Wednesday, November 5, 2008

'Living Laboratories': Rethinking Ecological Designs and Experimentation in Human-Computer Interaction

During the formation of the HCI field, the need to establish HCI as a science had pushed us to adopt methods from psychology, both because it was convenient as well as the methods fit the needs. Real HCI problems have long moved beyond the evaluation setting of a single user sitting in front of a single desktop computer, yet many of our fundamentally held viewpoints about evaluation continues to be ruled by outdated biases derived from this legacy.

Trends in social computing as well as ubiquitous computing had pushed us to consider research methodologies that are very different from the past. In many cases, we can no longer assume only a single display, only knowledge work, isolated worker, location stationary with short task durations. HCI researchers have slowly broken out of the mold in which we were constrained. Increasingly, evaluations are often done in situations in which there are just too many uncontrolled conditions and variables. Artificially created environments such as in-lab studies are only capable of telling us behaviors in constrained situations. In order to understand how users behave in varied time and place, contexts and other situations, we need to systematically re-evaluate our research methodologies.

The Augmented Social Cognition group have been a proponent of the idea of 'Living Labratory' within PARC. The idea (born out of a series of conversation between myself, Peter Pirolli, Stuart Card, and Mark Stefik) is that in order to bridge the gulf between academic models of science and practical research, we need to conduct research within laboratories that are situated in the real world. Many of these living laboratories are real platforms and services that researchers would build and maintain, and just like Google Labs or beta software, would remain somewhat unreliable and experimental, but yet useful and real. The idea is to engage real users in ecological valid situations, while gathering data and building models of social behavior.

Looking at two different dimensions in which HCI researchers could conduct evaluations, one dimension is whether the system is under the control of the researcher or not. Typically, computing scientists build systems and want them evaluated for effectiveness. The other dimension is whether the study is conducted in the laboratory or in the wild. These two dimensions interact to form four different ways of conducting evaluations:

  1. Building a system, and studying it in the laboratory. This is the most traditional approach in HCI research and the one that is typically favored by CHI conference paper reviewers. The problem with this approach is that it is (1) extremely time-consuming, and (2) experiments are not always ecologically valid. As mentioned before, it is extremely difficult, if not impossible, to design experiments for many social and mobile applications that are ecologically valid in the laboratory.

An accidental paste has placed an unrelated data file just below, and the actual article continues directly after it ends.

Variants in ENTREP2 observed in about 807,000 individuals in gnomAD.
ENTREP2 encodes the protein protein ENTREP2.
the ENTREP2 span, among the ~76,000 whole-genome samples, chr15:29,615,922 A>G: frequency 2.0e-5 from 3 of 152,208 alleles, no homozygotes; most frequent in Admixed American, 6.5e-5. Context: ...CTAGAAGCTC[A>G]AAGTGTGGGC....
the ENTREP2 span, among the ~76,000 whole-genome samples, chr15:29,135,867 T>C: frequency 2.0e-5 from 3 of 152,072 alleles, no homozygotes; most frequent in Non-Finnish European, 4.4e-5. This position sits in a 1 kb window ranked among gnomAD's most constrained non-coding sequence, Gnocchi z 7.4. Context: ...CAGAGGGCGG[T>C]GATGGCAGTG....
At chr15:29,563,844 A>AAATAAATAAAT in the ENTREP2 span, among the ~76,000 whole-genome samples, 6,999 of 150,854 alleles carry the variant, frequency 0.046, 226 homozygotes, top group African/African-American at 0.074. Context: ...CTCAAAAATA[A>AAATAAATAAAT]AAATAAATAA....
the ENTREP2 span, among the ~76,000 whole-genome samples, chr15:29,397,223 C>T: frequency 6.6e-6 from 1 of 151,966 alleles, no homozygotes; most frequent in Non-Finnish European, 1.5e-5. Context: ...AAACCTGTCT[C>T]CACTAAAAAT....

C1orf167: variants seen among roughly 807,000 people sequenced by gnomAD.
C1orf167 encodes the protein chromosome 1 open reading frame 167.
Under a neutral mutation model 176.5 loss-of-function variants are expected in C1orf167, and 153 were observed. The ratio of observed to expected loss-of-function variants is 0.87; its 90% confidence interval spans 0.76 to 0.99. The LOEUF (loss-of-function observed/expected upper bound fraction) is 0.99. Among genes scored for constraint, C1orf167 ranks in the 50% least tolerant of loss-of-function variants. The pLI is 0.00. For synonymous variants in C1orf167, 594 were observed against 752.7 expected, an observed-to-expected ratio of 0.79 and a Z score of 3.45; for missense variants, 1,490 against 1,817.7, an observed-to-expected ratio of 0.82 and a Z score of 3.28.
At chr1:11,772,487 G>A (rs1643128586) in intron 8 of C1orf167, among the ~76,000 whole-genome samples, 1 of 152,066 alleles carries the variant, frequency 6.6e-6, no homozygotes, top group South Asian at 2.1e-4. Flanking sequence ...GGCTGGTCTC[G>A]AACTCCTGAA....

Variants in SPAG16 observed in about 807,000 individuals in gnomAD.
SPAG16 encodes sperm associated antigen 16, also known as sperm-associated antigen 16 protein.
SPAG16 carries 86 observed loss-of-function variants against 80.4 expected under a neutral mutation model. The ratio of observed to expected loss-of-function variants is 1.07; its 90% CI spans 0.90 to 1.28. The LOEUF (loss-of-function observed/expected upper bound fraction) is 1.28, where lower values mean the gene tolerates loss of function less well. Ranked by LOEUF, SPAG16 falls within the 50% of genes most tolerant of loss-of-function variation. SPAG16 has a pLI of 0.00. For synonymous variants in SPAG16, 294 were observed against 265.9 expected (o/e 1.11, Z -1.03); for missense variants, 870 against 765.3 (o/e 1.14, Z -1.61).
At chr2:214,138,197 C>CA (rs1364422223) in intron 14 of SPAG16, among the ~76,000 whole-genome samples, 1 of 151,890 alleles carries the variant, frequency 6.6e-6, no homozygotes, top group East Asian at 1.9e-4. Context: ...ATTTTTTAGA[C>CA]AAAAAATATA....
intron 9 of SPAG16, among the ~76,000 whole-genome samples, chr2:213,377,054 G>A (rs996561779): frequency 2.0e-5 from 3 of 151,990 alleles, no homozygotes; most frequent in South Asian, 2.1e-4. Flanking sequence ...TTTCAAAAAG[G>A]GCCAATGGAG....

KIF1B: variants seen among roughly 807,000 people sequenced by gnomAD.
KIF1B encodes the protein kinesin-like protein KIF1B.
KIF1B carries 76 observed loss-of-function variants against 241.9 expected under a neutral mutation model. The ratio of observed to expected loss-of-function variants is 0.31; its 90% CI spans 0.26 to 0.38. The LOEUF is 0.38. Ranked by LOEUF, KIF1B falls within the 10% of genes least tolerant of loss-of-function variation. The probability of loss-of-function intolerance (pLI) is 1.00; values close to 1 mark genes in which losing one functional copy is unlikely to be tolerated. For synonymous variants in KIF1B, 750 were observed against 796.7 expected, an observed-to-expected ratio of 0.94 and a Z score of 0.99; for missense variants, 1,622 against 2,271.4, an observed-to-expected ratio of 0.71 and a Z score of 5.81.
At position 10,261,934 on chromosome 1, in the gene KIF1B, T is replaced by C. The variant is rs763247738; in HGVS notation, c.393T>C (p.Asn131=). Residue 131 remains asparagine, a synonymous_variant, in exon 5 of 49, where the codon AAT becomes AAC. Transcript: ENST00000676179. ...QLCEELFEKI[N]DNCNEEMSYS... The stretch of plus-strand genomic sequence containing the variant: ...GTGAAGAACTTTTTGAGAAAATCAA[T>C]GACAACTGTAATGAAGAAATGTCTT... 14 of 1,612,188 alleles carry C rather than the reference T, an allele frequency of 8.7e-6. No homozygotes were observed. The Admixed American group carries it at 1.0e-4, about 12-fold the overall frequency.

2. Not building a system (but adopt one), and still study it in the laboratory. For example, this is possible by taking existing systems, such as Microsoft Word and iWorks Pages and comparing the features of these two systems.

  3. Adopting an existing system, and studying it in the wild. The advantage here is to study real applications that are being used in ecologically valid situations. The disadvantage is that findings are often not comparable, since factors are harder to isolate. On the other hand, the advantages are that real findings can be immediately applied to the live system. Impact of the research is real, since adoption issues are already removed. We have studied Wikipedia usage in detail using this method by releasing WikiDashboard.

  4. Building a system, releasing it, and studying it in the wild. A well-publicized use of this approach is Google's A/B testing approach . Apparently, according to Marissa Mayer at Google, A/B testing allowed them to finely tune the Search Engine Result Pages (SERPs). For example, how many search results should the page contain was studied carefully by varying the number between a great number of users. Because the subject pool is large, Google can say with some certainty which design is better on their running system. A major disadvantage of this approach is the effort and resource requirement it takes to study such systems. However, for economically interesting applications such as Web search engines, the tight integration between system and usage actually shorten the time to innovate between product versions.

Of these variations, (3) and (4) are what we consider to be 'Living Laboratory' studies. This was the reason why we released WikiDashboard into the wild. We will be releasing a new social search engine called MrTaggy in the near future. The idea is the same: to test some social search systems in the wild to see how they perform with real users.


Anonymous said...

I'm looking forward to the first release - Make sure to announce Mrtaggy on this blog when you are ready to open the project up to the public.

Anonymous said...

but as for (4), I'm just wondering what you are gonna do with user acquisition? assume that you need a user group big enough to observe the "ecological behaviors"

Ed H. Chi said...

Markus, we'll definitely be announcing the first beta release of MrTaggy on the blog, so watch for it here.

Vivienne, user acquisition is definitely hard. Many startups use various forms of marketing to achieve this objective, but we're just a small research group, so we'll have to rely on mostly words-of-mouth. Hopefully we actually build useful and interesting prototypes that users will come back to. In case we can't do acquire enough users, we'll have to adopt existing systems and study them in the wild instead (strategy 3).

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